The annual conference has become a leading venue for the discussion of a changing transportation system that will, over time, become less reliant on oil as a fuel source. Cascadia Center’s director, Bruce Agnew, says technology and government initiatives have created an opportunity to accelerate and integrate flexible fuel, plug-in hybrid electric vehicles (PHEVs). The Seattle-based center has long argued that one of the best ways to reduce reliance on foreign oil and cut greenhouse gas emissions is through the widespread integration of PHEVs.
"The Northwest will soon see a growing number of plug-in cars and public charging stations to power them. Many automakers have committed to producing plug-in vehicles," says Agnew. "Technology and policy initiatives have caught up to each other, and that’s why a key focus this year is to discuss the new administration’s initiatives and the steps the Northwest is taking to set a foundation for the electrification of transportation."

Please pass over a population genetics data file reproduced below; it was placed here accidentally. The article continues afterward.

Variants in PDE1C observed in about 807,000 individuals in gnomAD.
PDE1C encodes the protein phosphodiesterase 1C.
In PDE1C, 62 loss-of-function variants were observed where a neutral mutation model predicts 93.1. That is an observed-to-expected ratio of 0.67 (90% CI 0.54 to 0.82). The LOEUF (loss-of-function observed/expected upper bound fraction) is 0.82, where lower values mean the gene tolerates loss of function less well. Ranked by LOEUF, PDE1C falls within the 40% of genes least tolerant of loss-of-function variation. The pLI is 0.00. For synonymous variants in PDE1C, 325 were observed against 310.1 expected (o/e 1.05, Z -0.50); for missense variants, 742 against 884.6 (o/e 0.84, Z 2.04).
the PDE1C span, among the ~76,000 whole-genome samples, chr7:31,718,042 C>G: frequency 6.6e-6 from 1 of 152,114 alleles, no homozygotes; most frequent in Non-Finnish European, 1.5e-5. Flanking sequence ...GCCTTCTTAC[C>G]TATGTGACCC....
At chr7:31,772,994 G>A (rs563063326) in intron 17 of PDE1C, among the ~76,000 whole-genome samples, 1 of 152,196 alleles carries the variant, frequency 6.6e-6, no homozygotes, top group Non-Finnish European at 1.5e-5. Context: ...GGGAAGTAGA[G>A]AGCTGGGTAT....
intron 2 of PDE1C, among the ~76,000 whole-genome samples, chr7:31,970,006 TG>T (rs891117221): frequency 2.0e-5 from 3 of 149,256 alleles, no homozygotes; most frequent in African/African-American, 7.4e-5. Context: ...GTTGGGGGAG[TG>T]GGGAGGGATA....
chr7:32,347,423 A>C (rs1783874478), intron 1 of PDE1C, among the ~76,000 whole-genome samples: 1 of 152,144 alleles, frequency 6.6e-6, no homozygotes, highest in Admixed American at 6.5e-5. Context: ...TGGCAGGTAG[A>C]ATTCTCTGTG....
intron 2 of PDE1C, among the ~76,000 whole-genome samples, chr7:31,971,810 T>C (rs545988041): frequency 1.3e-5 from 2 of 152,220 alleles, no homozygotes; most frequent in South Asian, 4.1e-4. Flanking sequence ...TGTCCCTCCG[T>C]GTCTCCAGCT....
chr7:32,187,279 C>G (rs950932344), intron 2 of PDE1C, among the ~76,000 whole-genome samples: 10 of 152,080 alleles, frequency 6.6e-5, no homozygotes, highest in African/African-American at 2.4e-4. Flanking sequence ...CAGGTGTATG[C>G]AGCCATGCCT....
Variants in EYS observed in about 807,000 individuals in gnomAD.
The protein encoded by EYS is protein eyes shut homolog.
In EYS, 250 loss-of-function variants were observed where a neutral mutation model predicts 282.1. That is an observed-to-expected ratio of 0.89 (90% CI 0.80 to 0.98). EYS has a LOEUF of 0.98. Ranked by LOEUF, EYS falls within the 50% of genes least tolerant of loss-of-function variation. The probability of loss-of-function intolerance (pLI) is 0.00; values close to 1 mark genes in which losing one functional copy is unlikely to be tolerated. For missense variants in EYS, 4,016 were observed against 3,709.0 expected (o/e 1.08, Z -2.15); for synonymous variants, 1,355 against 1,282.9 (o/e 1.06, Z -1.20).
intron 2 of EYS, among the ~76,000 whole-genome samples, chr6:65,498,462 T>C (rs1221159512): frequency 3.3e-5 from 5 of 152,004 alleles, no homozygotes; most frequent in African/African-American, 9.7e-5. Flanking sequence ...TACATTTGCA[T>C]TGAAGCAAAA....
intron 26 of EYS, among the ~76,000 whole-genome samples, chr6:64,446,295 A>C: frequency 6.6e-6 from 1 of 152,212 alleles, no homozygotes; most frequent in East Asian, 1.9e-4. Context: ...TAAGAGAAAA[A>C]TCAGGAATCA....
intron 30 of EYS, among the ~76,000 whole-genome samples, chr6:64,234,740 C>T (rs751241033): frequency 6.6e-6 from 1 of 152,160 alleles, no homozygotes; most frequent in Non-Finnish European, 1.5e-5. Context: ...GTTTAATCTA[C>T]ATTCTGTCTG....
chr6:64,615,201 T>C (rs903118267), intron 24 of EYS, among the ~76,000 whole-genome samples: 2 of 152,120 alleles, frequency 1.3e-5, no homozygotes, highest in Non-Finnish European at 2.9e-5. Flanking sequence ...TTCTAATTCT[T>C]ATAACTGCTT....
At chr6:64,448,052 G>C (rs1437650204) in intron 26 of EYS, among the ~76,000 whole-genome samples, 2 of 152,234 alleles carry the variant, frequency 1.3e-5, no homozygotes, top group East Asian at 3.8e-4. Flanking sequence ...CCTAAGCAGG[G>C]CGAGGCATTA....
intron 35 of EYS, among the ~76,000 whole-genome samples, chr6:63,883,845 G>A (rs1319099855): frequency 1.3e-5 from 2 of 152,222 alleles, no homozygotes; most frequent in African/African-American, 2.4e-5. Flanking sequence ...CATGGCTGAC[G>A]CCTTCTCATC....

The region, Agnew says, has received "competitive federal grant awards that will help establish the charging and information infrastructure for plug-in cars." The U.S. Department of Energy awarded the Puget Sound Clean Air Agency’s Clean Cities Coalition program $15 million for alternative fuel and vehicle projects, which will result in new fueling and electric charging stations and put at least 650 alternative fuel and advanced technology vehicles onto the region’s roads. The Northwest will also benefit from a $100 million grant that Nissan and eTec received, with help from Idaho National Laboratory, to install charging stations for owners of the all-electric Nissan Leaf.
Some of the world’s most advanced electric vehicles, including the Tesla Roadster and the all-electric Ford Focus will be on display at the conference. Microsoft, Clean Cities, Idaho National Laboratory, Ford and the University of Washington are all "Beyond Oil" co-sponsors.